6 Health Benefits of Buckwheat

Buckwheat

If there is one superfood that does not get enough attention, it is probably buckwheat. Though the name might suggest otherwise, buckwheat is not wheat at all. It is the seed of a plant called Fagopyrum esculentum, which belongs to a group of plants called pseudocereals, the same group as quinoa. All pseudocereals are gluten-free, and for that reason, it’s very popular among those who are sensitive to gluten or are simply trying to avoid it.

Buckwheat is mainly harvested in Russia, Kazakhstan, China, and Eastern Europe. The grain-like seeds can be processed into groats, noodles, and flour. The groats are used in much the same way one would use rice and provide the basis for many traditional European and Asian dishes, and the flour can be used in a variety of delicious gluten-free baked goods. The reason we are telling you all of this is that buckwheat is incredibly nutritious and definitely worth adding to your diet. These are the important health benefits of buckwheat you need to be aware of: 

1. Improves Blood Sugar Control

Buckwheat contains rutin, quercetin, and other similar biochemicals that may have a positive impact on the glucose levels in our body. But the component that was found to have the most beneficial impact on blood glucose levels in both human and animal studies of buckwheat is called chiro-inositol. While researchers do not yet know precisely how it works, early evidence suggests that chiro-inositol makes cells more sensitive to insulin and may even act as an insulin mimic.

2. Improves Cardiovascular Health

Like other whole grains, buckwheat promotes heart health, as it is rich in protein, fiber, and antioxidants. It has been found to improve blood lipid profile, including lower the levels of LDL (bad) cholesterol and raise the levels of HDL (good) cholesterol, as well as the capacity to lower blood pressure. A study conducted by the US Agricultural Research Service tested whole wheat, brown rice, and buckwheat, and found that all three aid in lowering blood pressure. Seven men and nine premenopausal women consumed the same diet for 2 weeks. When the time was up, the researchers exchanged 20% of the participants’ energy (carbs) with the three types of whole grains mentioned above. The subjects had to persist with this new diet for 5 weeks. During this time, systolic and diastolic blood pressure were reduced thanks to the whole-grain intake, irrespective of the type.

3. Rich In Fiber and Promotes Healthy Digestion

This property is thanks to how rich buckwheat is in fiber. For every one-cup serving of cooked groats, this food provides 6 grams of dietary fiber. The fiber is concentrated in the husk, which coats the groat. Additionally, the husk contains resistant starch, which is categorized as a type of fiber. Resistant starch is fermented by gut bacteria in the colon. These beneficial bacteria produce short-chain fatty acids which, in turn, improve gut health, normalize bowel movements, and help in maintaining a healthy weight.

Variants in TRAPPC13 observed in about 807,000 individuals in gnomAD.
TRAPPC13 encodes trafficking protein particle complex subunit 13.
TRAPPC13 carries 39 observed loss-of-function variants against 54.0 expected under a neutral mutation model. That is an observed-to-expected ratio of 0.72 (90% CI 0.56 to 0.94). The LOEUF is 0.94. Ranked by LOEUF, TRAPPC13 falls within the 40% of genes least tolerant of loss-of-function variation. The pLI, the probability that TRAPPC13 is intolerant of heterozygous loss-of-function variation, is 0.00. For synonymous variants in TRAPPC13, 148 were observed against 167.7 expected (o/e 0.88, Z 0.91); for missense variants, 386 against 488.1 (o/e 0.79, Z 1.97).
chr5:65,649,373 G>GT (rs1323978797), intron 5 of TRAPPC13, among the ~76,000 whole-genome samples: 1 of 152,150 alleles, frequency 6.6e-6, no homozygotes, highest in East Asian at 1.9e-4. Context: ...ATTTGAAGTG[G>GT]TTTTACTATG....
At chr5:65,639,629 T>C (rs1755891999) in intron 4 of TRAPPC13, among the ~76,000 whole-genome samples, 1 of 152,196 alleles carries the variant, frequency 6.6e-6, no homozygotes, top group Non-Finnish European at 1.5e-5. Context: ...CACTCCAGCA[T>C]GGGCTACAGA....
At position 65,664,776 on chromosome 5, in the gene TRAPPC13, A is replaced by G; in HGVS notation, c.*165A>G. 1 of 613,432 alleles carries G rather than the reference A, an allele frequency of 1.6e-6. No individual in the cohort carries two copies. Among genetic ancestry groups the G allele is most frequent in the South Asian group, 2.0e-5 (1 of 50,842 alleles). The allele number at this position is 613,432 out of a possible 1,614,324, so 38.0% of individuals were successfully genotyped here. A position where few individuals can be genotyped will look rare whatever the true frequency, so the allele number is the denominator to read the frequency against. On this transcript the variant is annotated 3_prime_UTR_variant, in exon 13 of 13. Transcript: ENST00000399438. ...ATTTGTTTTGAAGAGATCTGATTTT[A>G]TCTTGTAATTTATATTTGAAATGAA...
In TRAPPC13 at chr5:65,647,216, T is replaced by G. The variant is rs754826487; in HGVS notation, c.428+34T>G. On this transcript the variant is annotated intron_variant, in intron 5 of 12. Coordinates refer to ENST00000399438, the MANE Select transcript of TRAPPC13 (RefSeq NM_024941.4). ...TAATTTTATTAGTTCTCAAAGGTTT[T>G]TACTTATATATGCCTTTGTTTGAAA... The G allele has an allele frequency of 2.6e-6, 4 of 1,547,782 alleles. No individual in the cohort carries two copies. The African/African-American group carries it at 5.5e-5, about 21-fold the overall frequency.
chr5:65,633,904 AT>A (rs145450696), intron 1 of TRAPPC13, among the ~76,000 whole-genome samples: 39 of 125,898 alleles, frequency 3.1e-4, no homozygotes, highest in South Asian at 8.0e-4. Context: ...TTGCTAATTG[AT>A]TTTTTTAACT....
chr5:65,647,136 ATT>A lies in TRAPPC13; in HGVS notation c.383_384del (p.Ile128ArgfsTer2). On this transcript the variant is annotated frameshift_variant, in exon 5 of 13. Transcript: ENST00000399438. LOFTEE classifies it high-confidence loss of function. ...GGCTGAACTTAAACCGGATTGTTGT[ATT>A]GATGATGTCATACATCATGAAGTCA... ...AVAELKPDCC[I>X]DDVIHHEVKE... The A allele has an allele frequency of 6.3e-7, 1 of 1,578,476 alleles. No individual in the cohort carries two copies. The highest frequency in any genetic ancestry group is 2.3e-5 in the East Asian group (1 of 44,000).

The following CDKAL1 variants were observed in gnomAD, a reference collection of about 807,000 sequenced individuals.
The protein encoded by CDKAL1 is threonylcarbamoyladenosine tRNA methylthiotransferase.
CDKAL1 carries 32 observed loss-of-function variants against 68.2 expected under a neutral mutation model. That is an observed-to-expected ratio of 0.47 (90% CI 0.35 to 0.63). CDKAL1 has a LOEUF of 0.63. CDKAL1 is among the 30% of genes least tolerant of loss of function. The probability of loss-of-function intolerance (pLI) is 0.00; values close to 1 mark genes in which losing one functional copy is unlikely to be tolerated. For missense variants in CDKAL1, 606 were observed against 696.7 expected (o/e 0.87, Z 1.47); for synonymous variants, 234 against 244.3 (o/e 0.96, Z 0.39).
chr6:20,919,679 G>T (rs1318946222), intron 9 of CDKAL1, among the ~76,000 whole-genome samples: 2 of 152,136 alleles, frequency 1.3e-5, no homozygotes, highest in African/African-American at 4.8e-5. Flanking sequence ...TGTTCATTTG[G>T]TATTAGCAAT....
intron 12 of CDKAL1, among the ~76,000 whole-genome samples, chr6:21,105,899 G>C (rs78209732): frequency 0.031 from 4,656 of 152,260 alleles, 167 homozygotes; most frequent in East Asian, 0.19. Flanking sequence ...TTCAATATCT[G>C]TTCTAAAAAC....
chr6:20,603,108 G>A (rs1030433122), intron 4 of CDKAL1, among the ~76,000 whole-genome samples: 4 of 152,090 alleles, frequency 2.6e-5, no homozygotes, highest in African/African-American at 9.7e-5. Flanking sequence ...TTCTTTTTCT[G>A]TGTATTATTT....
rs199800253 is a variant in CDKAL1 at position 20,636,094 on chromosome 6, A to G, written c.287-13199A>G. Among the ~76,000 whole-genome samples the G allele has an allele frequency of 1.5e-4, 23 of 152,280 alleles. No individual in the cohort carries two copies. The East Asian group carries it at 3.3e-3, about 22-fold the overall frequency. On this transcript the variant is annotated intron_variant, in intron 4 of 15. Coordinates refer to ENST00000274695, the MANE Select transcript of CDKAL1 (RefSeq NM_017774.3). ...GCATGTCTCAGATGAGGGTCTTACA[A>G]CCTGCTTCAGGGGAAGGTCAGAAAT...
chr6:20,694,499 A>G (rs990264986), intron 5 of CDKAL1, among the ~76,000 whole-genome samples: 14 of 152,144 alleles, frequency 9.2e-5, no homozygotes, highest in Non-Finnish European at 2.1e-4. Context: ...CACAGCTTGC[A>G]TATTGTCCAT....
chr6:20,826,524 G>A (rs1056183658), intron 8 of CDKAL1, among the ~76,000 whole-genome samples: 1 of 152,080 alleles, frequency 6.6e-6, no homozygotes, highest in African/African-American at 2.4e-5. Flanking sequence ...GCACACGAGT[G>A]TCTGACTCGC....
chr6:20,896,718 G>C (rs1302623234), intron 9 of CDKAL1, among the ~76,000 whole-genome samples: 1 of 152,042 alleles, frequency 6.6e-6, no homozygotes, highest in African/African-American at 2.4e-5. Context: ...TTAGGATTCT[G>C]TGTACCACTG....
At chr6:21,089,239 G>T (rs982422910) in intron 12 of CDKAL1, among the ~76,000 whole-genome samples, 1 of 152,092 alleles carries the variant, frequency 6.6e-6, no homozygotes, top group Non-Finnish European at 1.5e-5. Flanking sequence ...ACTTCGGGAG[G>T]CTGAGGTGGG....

4. May Protect Against Breast Cancer

Speaking of fiber, it has also been found to be one of the components that help buckwheat prevent breast cancer. Recent studies have shown dietary fiber possesses a powerful anti-carcinogenic effect, primarily on the development of breast cancer cells in postmenopausal women. In fact, a study showed that the frequency of breast cancer is 50% lower in women who consumed the recommended amount of daily dietary fiber. This anti-cancer property of buckwheat is also thanks to the lignans it contains, which are converted into animal lignans in our stomachs. Animal lignans are integral in the defense against breast cancer and other hormone-based cancers.

5. May Prevent Gallstones

Another disease the insoluble fiber in buckwheat helps prevent is gallstones. How does that happen? Researchers believe that insoluble fiber not only aids the food to move quicker through the intestines but also reduces the secretion of bile acids – excessive amounts of which contribute to gallstones formation. Other foods that are abundant in fiber and have this effect include tomatoes, cucumbers, apples, berries, and beans.

6. Source of Vegetarian Protein

Buckwheat is an excellent source of digestible plant protein. For every 100 gram serving, this food contains as much as 14 grams of protein, and 12 different amino acids to support growth and muscle synthesis. Admittedly, the protein content is not as high as it is in some beans and legumes, but it is higher than most whole grains.

How to Cook Buckwheat Groats

To cook raw buckwheat groats, you will need two cups of water for every cup of groats, and ½ tablespoon of salt. 

Bring water to boil in a small pot, then add the buckwheat and salt. Return to a boil, then reduce heat to a simmer, cover, and cook until tender. It should take about 10–15 minutes. Drain off any remaining water. It is not recommended to rinse the groats after cooking, as you might do with pasta. If you plan to add the groats to a soup, you should do so during the last 20 minutes of the soup’s cooking time, and refrain from adding too much! The groats will inflate 3-4 times their original size. 

There are of course many more elaborate and delicious buckwheat recipes that can found online!

Click here to see the “Flavor-Pairing” trick that helped me melt away 22 pounds in just 16 days (proven for women only)

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